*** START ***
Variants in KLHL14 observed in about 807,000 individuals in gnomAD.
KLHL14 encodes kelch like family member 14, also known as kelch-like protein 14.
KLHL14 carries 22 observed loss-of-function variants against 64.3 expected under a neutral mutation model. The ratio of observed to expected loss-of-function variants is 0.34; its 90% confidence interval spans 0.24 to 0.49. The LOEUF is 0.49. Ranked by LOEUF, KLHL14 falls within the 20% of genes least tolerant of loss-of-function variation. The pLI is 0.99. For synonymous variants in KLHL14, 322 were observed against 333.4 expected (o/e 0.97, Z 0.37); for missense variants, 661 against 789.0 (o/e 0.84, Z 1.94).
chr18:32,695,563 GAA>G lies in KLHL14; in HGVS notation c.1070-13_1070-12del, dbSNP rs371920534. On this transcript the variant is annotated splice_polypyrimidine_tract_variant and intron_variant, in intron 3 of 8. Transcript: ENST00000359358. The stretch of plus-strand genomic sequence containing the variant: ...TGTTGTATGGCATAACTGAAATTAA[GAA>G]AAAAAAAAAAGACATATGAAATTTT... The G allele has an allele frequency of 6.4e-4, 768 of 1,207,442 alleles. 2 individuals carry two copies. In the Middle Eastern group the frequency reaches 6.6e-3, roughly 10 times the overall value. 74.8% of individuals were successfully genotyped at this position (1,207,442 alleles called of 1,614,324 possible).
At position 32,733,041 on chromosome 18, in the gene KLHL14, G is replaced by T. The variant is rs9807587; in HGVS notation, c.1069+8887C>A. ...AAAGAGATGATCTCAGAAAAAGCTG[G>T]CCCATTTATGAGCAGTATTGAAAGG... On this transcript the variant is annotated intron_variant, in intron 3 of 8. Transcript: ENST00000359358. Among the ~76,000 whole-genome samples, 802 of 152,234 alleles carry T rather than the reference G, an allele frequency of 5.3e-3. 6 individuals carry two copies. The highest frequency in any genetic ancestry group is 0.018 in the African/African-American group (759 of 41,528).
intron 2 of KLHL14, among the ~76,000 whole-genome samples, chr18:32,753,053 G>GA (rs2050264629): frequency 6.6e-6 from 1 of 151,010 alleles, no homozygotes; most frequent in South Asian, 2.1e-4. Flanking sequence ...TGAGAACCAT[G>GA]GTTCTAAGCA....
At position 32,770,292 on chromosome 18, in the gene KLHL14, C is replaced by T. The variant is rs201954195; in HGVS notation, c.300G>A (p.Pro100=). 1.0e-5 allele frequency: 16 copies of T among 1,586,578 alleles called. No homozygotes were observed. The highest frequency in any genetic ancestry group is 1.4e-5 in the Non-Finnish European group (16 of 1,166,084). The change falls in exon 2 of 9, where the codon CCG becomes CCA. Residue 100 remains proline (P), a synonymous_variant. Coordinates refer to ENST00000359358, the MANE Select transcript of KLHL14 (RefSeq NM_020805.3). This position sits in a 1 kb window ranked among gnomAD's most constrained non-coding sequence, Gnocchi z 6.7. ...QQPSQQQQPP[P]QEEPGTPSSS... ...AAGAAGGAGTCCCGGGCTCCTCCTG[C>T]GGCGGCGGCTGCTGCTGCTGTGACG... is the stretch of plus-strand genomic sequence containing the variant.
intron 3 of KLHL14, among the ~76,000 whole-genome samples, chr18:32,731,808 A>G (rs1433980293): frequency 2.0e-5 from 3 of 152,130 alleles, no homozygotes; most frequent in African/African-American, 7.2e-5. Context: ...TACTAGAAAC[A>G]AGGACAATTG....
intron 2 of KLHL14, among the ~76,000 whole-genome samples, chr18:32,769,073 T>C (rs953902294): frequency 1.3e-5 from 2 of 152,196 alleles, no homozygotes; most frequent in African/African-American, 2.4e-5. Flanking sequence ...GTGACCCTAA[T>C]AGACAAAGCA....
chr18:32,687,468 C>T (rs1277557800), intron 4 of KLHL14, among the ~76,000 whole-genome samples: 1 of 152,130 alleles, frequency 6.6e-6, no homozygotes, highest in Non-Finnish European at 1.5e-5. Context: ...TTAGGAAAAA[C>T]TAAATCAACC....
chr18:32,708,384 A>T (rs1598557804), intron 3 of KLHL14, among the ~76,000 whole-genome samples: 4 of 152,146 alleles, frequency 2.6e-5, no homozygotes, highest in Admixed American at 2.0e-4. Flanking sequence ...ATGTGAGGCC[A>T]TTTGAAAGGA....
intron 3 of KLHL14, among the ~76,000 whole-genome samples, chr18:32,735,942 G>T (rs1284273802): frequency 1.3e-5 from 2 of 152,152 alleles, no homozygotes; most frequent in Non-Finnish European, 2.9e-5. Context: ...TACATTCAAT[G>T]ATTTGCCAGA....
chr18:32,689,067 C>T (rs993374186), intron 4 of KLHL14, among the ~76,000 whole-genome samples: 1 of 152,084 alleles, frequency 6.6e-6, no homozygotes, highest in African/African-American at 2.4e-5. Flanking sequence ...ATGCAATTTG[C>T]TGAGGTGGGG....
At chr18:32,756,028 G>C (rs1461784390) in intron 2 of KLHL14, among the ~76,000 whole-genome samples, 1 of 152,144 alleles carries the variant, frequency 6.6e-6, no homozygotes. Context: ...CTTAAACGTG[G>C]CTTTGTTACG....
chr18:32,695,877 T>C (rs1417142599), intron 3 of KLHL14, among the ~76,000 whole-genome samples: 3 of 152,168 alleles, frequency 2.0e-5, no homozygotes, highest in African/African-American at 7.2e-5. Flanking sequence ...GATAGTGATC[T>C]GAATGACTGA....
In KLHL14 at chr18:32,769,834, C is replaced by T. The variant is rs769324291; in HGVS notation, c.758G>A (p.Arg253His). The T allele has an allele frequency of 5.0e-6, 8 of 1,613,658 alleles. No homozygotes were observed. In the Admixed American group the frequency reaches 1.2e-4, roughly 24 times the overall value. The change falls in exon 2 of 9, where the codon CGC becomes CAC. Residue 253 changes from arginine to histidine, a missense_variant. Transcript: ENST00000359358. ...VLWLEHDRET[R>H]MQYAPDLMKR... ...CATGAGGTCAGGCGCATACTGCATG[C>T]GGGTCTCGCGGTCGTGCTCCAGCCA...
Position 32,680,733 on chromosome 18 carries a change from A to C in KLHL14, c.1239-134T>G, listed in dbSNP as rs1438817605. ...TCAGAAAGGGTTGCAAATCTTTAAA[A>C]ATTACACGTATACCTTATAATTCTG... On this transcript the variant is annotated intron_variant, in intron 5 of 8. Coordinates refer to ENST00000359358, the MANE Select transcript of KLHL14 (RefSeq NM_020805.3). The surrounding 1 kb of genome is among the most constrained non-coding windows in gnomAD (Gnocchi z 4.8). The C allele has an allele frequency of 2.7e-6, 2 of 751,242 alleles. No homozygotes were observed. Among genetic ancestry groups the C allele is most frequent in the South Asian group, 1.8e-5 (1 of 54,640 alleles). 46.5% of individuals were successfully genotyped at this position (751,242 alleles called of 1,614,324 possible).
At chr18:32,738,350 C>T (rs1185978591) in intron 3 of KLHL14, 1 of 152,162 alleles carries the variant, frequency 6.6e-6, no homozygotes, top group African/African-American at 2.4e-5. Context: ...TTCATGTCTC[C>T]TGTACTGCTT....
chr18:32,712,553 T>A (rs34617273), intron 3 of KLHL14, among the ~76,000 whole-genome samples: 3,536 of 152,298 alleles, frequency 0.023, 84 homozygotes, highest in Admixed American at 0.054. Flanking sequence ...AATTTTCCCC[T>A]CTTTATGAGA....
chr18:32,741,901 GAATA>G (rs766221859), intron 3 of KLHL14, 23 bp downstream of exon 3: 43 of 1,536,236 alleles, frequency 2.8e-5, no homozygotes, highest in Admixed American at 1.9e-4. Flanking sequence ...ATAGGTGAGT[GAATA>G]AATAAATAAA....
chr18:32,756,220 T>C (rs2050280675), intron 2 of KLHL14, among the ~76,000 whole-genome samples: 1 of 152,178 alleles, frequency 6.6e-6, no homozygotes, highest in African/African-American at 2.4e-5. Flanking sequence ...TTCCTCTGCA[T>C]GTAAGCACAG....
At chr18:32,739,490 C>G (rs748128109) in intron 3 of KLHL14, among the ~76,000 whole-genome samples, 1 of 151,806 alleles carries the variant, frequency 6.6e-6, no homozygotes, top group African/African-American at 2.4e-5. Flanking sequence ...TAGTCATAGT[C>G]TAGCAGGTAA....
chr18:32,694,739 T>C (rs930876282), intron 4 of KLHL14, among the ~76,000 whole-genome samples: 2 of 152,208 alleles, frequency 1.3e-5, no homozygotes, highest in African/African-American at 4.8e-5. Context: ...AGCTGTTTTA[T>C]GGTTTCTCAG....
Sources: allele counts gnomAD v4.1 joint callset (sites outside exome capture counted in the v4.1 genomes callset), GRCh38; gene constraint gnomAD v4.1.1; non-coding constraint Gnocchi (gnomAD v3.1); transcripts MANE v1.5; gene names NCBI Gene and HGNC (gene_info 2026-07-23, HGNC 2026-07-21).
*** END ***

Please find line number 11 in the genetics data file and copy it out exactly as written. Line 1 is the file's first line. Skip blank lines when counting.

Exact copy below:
chr18:32,708,384 A>T (rs1598557804), intron 3 of KLHL14, among the ~76,000 whole-genome samples: 4 of 152,146 alleles, frequency 2.6e-5, no homozygotes, highest in Admixed American at 2.0e-4. Flanking sequence ...ATGTGAGGCC[A>T]TTTGAAAGGA....